Electronic to-do lists are important. Importantly, communicate that you know how to look beyond the minutiae of the day-to-day and keep big goals for both yourself and your team in sight. Explaining that you can stay abreast of dynamic changes impacting cost, quality of work and timelines for projects is also key.

11. Why are you leaving your job?

You might be asked this if you have a job. Stay positive, and speak to the benefits that your current role provides to you. That said, you’re ready for a new challenge and want to gain knowledge, skills and experience while contributing to the company that you’re interviewing at.

12. What are your salary expectations?

If the salary range for the role is listed in the job description, it would be important that your expectations align with that range. Or else, why are you interested in the job? However, if your salary expectation is higher than what’s advertised, make sure you have an excellent case for a difference by describing the value you can bring.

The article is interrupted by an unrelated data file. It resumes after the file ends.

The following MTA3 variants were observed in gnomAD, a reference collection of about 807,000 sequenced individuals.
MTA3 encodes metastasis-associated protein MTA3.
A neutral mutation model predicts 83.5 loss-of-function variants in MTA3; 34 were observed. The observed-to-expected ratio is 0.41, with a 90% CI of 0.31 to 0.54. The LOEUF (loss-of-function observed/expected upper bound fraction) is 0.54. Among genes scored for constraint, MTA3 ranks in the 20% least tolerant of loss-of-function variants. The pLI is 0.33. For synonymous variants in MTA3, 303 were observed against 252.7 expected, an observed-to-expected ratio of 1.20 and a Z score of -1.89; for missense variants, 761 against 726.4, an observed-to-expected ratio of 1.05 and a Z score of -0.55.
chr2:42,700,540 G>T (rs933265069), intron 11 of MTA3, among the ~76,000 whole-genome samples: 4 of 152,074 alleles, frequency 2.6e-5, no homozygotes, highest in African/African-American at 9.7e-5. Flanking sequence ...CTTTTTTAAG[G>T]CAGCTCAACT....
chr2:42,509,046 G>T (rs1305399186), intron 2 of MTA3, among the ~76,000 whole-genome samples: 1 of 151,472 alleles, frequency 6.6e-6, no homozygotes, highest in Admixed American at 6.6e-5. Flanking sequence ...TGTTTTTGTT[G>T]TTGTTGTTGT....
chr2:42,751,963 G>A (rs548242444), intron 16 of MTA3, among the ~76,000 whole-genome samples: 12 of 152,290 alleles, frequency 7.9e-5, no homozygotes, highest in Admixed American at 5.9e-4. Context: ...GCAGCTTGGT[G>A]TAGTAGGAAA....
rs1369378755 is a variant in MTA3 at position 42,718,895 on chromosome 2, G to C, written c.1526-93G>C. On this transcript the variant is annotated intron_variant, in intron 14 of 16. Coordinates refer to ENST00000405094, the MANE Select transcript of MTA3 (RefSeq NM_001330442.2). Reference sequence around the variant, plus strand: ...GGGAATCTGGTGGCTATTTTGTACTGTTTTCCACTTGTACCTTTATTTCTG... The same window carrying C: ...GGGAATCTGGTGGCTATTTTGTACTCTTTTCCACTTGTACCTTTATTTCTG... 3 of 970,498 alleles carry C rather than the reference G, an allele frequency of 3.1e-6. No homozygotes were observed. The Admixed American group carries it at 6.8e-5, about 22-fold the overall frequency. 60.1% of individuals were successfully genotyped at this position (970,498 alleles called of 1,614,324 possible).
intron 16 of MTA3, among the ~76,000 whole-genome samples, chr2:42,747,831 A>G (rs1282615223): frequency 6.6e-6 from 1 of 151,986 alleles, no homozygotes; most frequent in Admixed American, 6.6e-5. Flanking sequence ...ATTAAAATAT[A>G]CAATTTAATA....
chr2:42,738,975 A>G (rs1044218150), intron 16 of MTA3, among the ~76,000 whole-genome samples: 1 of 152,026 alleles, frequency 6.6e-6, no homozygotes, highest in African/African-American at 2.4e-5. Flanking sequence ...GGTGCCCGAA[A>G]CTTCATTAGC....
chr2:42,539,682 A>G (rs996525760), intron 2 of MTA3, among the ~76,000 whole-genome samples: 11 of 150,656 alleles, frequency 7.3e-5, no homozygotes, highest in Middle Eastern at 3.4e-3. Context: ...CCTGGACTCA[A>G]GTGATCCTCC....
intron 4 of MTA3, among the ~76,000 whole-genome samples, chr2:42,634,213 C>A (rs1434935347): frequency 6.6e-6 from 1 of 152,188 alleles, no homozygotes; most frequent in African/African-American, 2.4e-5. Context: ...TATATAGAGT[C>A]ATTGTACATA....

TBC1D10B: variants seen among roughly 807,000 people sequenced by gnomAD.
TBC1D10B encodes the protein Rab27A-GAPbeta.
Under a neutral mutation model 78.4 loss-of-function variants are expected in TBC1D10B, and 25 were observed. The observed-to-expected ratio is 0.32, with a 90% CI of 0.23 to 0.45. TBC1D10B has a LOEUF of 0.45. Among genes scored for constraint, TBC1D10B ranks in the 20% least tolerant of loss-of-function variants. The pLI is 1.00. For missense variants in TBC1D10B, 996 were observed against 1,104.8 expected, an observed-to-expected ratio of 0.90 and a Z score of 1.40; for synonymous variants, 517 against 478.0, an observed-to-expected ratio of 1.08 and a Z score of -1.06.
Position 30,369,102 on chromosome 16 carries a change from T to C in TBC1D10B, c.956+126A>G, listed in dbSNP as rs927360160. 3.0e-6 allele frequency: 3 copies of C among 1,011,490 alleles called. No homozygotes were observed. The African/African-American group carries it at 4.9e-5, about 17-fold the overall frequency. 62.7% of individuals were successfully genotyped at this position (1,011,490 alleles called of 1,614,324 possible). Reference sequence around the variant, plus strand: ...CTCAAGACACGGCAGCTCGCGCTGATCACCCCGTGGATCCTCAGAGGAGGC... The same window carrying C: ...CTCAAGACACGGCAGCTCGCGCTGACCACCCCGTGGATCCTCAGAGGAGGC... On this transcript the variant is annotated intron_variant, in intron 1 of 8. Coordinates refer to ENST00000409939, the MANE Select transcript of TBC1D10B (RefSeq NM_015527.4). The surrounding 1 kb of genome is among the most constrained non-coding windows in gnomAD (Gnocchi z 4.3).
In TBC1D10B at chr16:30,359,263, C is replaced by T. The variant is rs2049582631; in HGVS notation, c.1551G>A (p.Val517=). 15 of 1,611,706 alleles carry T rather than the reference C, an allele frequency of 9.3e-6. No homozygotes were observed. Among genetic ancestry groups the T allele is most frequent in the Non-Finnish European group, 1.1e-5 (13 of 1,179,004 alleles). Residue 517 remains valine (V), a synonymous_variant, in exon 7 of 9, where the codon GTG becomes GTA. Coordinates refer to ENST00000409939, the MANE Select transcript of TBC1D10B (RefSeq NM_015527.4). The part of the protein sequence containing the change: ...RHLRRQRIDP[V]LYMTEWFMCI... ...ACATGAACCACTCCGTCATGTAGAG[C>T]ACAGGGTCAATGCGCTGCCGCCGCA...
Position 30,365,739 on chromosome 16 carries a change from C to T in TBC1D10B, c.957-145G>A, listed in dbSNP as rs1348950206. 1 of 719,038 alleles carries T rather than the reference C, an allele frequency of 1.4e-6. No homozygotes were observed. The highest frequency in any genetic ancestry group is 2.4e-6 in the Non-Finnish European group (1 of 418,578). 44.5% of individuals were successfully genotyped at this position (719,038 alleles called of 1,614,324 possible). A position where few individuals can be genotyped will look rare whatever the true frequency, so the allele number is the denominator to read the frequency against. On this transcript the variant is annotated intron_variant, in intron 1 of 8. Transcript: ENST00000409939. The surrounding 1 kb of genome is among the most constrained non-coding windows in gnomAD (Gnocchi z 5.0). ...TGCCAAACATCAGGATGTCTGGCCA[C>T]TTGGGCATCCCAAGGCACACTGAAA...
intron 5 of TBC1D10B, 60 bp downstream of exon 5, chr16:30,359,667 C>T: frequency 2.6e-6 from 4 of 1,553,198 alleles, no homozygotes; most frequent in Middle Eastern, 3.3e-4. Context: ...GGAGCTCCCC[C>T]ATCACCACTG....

13. What do you like to do for fun?

This is the time to mention your interests beyond work. Consider mentioning your hobbies, athletic endeavours, volunteering roles, places you’ve travelled, or your pets. However, you aren’t obligated to indulge in every detail about your personal life. Specifically, if you’re planning a wedding, pregnant, have children or other family responsibilities, you aren’t dishonest or unethical if you don’t reveal these details in an interview.

14. Do you have any questions for me?

This is a chance to learn more about the company and the team you’d work with to help you decide if they’re a good fit for you. Come prepared with at least three questions you’d like to ask. Jot them down in advance and refer to your notes to answer. If you’re not asked this question by the interviewer, say that you’d like to ask a few questions at some point before the meeting ends. Find out more about preparing questions to ask here.

Can you think of other common questions an interviewer would ask? Share them in the comments.

Image credit: Sue Styles from Pixabay.com.